“Willie knew a few things,” said Nick. His voice had a matter-of-factness that made everything he said come out almost as a monotone. “But maybe we can make even more of this one. Leave him to me.”

“Merry!” came Sanderson’s voice from the front of the wagon. “Can we get under way now?”

“Have you got anything else to pick up?” Merry asked Jeebee. Jeebee shook his head. He had his two rifles, even if they were in the rack some feet from him, and in the backpack he was wearing was everything else he owned.

“All right, Dad!” Merry called back. “We’re all set. I’ll be right out!”

She turned and went, leaving Jeebee alone with Nick Gage.

There was a moment of silence as they looked at each other.

“Did she or Paul tell you much?” said Nick.

“No,” said Jeebee, suddenly thoughtful.

“Thought not. That’s right, too,” said Nick. “It’s my job to tell you. Take a good look at me.”

Jeebee had of course been looking at him all this time. He kept on looking. He did not see anything he had not seen before.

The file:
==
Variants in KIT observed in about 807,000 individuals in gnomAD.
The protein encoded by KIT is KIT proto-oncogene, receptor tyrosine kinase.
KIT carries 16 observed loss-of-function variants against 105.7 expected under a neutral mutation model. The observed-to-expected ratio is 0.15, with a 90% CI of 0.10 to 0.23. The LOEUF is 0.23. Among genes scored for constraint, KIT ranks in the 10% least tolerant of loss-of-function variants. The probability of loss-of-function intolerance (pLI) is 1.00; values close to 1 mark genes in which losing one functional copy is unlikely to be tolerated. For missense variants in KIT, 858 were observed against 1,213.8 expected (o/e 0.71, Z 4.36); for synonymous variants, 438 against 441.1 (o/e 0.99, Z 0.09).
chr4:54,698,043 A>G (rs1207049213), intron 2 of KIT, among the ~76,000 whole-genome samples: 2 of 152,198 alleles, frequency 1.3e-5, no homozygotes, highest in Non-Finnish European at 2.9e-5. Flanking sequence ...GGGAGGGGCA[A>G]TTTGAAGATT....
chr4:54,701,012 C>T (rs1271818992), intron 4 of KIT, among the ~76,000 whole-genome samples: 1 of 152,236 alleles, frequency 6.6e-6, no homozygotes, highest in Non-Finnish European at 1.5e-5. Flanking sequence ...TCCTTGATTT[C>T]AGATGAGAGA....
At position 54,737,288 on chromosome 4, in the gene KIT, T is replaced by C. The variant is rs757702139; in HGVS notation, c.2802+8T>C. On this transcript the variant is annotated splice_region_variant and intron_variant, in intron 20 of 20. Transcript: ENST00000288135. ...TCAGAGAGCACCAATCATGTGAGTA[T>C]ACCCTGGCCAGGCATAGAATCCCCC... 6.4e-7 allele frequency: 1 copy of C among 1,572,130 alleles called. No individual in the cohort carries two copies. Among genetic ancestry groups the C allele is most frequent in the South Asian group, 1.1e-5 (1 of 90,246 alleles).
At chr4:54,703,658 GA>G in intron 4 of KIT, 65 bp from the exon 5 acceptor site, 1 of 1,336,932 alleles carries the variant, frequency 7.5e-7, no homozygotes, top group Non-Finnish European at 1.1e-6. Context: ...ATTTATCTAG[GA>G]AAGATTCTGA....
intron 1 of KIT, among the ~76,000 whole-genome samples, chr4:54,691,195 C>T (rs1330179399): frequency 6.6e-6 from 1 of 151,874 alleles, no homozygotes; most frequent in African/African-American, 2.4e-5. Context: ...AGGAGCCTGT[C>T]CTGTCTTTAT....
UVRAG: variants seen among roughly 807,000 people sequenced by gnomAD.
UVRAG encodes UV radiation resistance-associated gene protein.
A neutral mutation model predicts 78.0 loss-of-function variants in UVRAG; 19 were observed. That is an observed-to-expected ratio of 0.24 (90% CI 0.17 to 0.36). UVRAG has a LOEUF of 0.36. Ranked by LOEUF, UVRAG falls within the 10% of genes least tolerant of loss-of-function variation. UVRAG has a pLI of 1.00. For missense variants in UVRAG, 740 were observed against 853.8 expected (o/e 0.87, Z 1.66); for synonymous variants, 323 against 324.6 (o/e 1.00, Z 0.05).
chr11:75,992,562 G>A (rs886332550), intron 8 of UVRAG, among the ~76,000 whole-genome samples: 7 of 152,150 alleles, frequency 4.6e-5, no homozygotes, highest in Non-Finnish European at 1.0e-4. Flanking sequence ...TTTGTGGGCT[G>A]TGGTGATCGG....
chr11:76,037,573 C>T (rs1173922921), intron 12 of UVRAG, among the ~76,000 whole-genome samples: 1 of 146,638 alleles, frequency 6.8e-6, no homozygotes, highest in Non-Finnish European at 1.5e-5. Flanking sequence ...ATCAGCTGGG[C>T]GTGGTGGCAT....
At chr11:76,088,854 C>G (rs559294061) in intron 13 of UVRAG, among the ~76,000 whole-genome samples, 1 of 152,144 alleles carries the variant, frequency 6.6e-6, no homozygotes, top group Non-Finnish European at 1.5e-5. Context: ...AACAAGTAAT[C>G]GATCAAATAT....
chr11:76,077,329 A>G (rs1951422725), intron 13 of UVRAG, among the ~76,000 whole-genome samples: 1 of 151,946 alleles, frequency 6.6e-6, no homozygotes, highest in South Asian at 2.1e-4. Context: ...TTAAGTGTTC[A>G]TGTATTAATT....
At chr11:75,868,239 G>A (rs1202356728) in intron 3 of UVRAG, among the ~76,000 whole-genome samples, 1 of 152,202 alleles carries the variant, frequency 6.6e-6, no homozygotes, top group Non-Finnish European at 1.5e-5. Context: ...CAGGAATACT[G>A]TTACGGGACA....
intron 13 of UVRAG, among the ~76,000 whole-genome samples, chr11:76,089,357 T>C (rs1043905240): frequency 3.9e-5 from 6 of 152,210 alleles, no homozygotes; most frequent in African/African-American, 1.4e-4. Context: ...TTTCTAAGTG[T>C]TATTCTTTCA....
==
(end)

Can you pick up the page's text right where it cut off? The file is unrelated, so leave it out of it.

“You see a little old man, right?” said Nick.

“If you want to call yourself that,” said Jeebee. It was a strange conversation and he felt awkward about how to handle it. “I guess I’d have to say you’re right.”

“Right,” said Nick. He held out his left hand, palm up. The skin of the palm was remarkably pink, contrasted to the leathery brownness of the back of the hand and all the rest of the skin surface of Nick that was visible. It was not so much a broad hand as a hand that seemed to have been stretched wide. There were large gaps at the base of the fingers between them. A hand that looked stubby and strong, not overly callused, but used.

“What do you see?” Nick asked.

“Your hand,” Jeebee answered.

“Right,” Nick said again. He closed his hand and magically it now held a knife with about a six-inch blade pointing right at Jeebee. “Now what do you see?”

Jeebee drew in his breath. His stomach muscles had tightened, and he found he was standing closer to Nick than he had thought. The knife point was less than its own length from those same stomach muscles.

“A knife,” he said after a moment, keeping his voice level.

“And that’s right,” said Nick. He put the knife back into one of the capacious pockets of the leather vest he wore over a red shirt and jeans, very like those worn by Merry and her father. “Figure it out if you can and tell me how it was done. When you do, we’ll talk about knives some.”

“I don’t know how you did it,” said Jeebee. “But it had to come from some place. The only place that could be is up your sleeve.”